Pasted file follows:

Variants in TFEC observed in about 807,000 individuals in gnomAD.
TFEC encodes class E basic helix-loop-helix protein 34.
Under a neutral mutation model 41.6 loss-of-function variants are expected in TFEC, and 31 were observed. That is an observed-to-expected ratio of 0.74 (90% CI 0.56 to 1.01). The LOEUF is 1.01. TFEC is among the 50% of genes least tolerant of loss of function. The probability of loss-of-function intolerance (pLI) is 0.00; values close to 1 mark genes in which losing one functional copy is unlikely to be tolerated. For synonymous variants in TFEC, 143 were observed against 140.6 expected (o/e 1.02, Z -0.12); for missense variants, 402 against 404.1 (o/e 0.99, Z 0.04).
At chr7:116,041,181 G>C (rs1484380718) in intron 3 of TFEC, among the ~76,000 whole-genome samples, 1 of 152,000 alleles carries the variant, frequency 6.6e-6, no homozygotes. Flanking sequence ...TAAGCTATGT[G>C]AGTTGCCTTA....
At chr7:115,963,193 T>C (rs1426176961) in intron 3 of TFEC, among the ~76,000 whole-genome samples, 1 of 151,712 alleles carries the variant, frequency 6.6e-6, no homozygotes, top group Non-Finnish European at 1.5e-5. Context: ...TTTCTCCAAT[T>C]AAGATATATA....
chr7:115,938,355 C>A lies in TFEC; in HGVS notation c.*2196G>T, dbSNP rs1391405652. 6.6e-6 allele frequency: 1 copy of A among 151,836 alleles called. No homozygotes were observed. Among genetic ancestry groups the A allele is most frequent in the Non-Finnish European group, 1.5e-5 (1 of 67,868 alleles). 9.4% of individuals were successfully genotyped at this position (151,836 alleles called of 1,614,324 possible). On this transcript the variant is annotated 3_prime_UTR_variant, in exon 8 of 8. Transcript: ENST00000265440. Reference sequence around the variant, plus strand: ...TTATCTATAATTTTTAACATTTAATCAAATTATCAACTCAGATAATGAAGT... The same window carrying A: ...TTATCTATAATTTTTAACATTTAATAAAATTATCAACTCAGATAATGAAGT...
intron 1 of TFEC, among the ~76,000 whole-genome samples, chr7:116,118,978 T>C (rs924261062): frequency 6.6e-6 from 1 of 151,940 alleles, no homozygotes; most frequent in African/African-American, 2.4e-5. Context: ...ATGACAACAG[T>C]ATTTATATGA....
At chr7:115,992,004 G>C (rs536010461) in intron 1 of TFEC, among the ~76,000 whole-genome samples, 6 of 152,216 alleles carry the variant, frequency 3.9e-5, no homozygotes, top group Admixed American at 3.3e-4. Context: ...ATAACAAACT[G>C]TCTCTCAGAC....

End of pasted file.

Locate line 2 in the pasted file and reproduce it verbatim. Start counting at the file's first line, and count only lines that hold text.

TFEC encodes class E basic helix-loop-helix protein 34.